Shearson Lehman HuttonSee also: E.F. Hutton & Co.
In 1988, Shearson Lehman acquired E.F. Hutton & Co., a brokerage firm founded in 1904 by Edward Francis Hutton and his brother Franklyn Laws Hutton. Under the Hutton brothers and later Robert M. Fomon and the well-known Wall Street trader Gerald M. Loeb, E.F. Hutton became one of the largest brokerage firms in the U.S. Hutton was best known for its commercials in the 1970s and 1980s that used the phrase, "When E. F. Hutton talks, people listen."
In the 1980s Hutton was caught up in a number of difficulties that ultimately led the firm to seek a buyer. Hutton's most serious trouble came from a check kiting scandal that was uncovered in 1985. Hutton branches were writing checks against accounts at various regional banks and then funding those accounts with checks from yet other banks. This strategy, known as "chaining," gave Hutton the use of money in both accounts until the checks cleared. In effect, Hutton was giving itself a free loan that also did not carry any interest. Then, in early 1987, an internal Hutton probe revealed that brokers at an office in Providence, Rhode Island, laundered money for the Patriarca crime family. Although Hutton reported the investigation to the SEC, it was not enough to stop prosecutors from all but announcing that Hutton would be indicted. This last scandal was uncovered only a week before the 1987 stock market crash. By the end of November 1987, Hutton had lost $76 million, largely due to massive trading losses and margin calls that its customers could not meet.
On December 3, 1987, Hutton agreed to a merger with Shearson Lehman in a $1 billion ($2,020,796,719 today) deal. The merger took effect in 1988, and the merged firm was named Shearson Lehman Hutton, Inc.
Following the merger, dozens of Hutton brokers left the firm to join competitors. At the same time, the combined firm suffered dwindling business from individual investors as its focus was shifted to large corporate transactions. The Hutton brand was used until 1990, when American Express abandoned the name and the business was renamed Shearson Lehman Brothers. Joe Plumeri became the President & Managing Partner of Shearson Lehman Brothers in 1990.
In 1992, Shearson sold the Boston Company, an asset management group, to Mellon Financial. In December 1988, the Boston Company, had disclosed that it had overreported its earnings by $30 million.
Other articles related to "lehman":
... The firm was formerly known as Lehman Brothers Merchant Banking (LBMB), the buyout arm of Lehman Brothers ... partners as part of the bankruptcy of Lehman, the LBMB business was sold to its partners and a minority interest was acquired by Reinet Investments, a listed investment trust controlled ... The original Lehman group, which was based in New York City, was founded in 1986 and is currently investing from a $2.6 billion fund raised prior to the bankruptcy of Lehman ...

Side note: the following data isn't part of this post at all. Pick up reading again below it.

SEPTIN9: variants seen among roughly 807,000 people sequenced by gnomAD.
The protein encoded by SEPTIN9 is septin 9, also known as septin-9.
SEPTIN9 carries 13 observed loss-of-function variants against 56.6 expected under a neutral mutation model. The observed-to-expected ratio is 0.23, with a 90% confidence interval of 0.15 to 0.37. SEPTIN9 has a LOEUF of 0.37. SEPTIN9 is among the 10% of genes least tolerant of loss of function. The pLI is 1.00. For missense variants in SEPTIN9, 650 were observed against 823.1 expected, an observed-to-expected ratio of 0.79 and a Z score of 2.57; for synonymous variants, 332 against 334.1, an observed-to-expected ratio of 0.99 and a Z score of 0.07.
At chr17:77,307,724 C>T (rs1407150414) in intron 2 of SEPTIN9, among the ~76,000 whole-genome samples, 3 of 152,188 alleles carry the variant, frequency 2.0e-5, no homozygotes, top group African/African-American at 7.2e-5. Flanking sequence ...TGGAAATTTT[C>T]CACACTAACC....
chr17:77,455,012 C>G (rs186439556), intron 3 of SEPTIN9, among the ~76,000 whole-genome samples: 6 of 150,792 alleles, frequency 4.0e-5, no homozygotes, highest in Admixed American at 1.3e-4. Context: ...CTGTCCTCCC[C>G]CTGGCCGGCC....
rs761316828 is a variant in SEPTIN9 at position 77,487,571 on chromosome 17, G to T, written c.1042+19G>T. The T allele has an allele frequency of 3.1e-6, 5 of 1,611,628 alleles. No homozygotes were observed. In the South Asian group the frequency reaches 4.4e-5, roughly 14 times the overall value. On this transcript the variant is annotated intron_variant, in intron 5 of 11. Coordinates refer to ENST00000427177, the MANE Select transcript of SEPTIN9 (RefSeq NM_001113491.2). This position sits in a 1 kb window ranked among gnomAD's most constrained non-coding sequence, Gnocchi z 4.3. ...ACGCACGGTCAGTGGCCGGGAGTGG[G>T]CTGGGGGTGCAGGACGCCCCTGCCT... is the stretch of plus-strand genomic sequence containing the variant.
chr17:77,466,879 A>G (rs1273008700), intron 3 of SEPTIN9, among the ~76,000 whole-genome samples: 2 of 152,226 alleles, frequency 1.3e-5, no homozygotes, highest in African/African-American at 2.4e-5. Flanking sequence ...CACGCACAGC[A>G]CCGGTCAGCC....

... Lehman's Hardware is a retail store located in Kidron, Ohio ... Lehman's also maintains a smaller, more traditional hardware store in Mount Hope, Ohio, where their Amish customers may shop with less interference from curious tourists ...
... Many Amish served by the Lehman stores are now vendors, building 40 to 50 of the products that Lehman's sells ... Lehman's ability to tap into the Amish tradition of craftsmanship came from its decades-long commitment to providing the Amish with the goods they needed to maintain ... In turn, now Amish craftsmen provide Lehman's with exclusive lines of products that would otherwise vanish ...
2011, the North Fork Creek, part of which runs beneath the Lehman's store, overflowed its banks, flash flooding the store ... Without flood insurance, Lehman's was left to absorb an estimated $100,000 in damage ... of the day and lasted less than three hours, Lehman's employees were advised to report to work dressed for cleanup ...
Famous quotes containing the words hutton and/or lehman:
“an age of unscrupulous and shameless book-making, it is a duty to give notice of the rubbish that cumbers the ground. There is no credit, no real power required for this task. It is the work of an intellectual scavenger, and far from being specially honourable.”
—Richard Holt Hutton (18261897)
“Roger Thornhill: Has life been like that?
Eve Kendall: Uhm mm.
Roger Thornhill: How come?
Eve Kendall: Men like you.
Roger Thornhill: Whats wrong with men like me?
Eve Kendall: They dont believe in marriage.
Roger Thornhill: Ive been married twice.
Eve Kendall: See what I mean?”
—Ernest Lehman (b.1920)